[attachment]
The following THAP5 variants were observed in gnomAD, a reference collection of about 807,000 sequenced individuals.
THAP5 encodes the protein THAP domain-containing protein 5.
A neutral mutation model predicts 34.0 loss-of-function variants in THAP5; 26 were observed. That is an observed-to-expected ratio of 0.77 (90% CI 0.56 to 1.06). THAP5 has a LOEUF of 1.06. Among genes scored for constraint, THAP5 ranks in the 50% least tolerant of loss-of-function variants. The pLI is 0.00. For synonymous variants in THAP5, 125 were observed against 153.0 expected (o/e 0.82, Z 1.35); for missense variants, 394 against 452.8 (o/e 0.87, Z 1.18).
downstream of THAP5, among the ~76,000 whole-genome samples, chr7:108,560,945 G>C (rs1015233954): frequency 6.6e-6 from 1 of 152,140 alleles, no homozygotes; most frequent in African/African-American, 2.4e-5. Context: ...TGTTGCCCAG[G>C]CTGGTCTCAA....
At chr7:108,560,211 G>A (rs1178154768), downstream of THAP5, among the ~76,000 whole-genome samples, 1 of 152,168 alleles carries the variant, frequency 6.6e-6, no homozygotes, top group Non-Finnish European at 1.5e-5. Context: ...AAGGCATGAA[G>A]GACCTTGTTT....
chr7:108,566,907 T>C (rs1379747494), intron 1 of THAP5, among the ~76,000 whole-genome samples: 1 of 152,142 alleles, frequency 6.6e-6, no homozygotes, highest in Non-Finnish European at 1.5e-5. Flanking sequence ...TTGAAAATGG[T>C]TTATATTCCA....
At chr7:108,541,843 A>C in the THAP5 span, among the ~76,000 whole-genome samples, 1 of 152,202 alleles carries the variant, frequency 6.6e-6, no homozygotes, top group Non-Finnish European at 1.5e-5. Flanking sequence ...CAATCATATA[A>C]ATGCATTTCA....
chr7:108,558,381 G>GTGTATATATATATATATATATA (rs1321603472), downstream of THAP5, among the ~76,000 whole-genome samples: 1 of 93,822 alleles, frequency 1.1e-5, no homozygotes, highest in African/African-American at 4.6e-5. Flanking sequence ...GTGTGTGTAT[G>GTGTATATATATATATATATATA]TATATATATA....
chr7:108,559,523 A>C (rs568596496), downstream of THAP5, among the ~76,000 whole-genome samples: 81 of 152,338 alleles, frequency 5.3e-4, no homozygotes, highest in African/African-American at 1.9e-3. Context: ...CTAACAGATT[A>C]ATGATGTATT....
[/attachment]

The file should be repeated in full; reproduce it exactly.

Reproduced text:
The following THAP5 variants were observed in gnomAD, a reference collection of about 807,000 sequenced individuals.
THAP5 encodes the protein THAP domain-containing protein 5.
A neutral mutation model predicts 34.0 loss-of-function variants in THAP5; 26 were observed. That is an observed-to-expected ratio of 0.77 (90% CI 0.56 to 1.06). THAP5 has a LOEUF of 1.06. Among genes scored for constraint, THAP5 ranks in the 50% least tolerant of loss-of-function variants. The pLI is 0.00. For synonymous variants in THAP5, 125 were observed against 153.0 expected (o/e 0.82, Z 1.35); for missense variants, 394 against 452.8 (o/e 0.87, Z 1.18).
downstream of THAP5, among the ~76,000 whole-genome samples, chr7:108,560,945 G>C (rs1015233954): frequency 6.6e-6 from 1 of 152,140 alleles, no homozygotes; most frequent in African/African-American, 2.4e-5. Context: ...TGTTGCCCAG[G>C]CTGGTCTCAA....
At chr7:108,560,211 G>A (rs1178154768), downstream of THAP5, among the ~76,000 whole-genome samples, 1 of 152,168 alleles carries the variant, frequency 6.6e-6, no homozygotes, top group Non-Finnish European at 1.5e-5. Context: ...AAGGCATGAA[G>A]GACCTTGTTT....
chr7:108,566,907 T>C (rs1379747494), intron 1 of THAP5, among the ~76,000 whole-genome samples: 1 of 152,142 alleles, frequency 6.6e-6, no homozygotes, highest in Non-Finnish European at 1.5e-5. Flanking sequence ...TTGAAAATGG[T>C]TTATATTCCA....
At chr7:108,541,843 A>C in the THAP5 span, among the ~76,000 whole-genome samples, 1 of 152,202 alleles carries the variant, frequency 6.6e-6, no homozygotes, top group Non-Finnish European at 1.5e-5. Flanking sequence ...CAATCATATA[A>C]ATGCATTTCA....
chr7:108,558,381 G>GTGTATATATATATATATATATA (rs1321603472), downstream of THAP5, among the ~76,000 whole-genome samples: 1 of 93,822 alleles, frequency 1.1e-5, no homozygotes, highest in African/African-American at 4.6e-5. Flanking sequence ...GTGTGTGTAT[G>GTGTATATATATATATATATATA]TATATATATA....
chr7:108,559,523 A>C (rs568596496), downstream of THAP5, among the ~76,000 whole-genome samples: 81 of 152,338 alleles, frequency 5.3e-4, no homozygotes, highest in African/African-American at 1.9e-3. Context: ...CTAACAGATT[A>C]ATGATGTATT....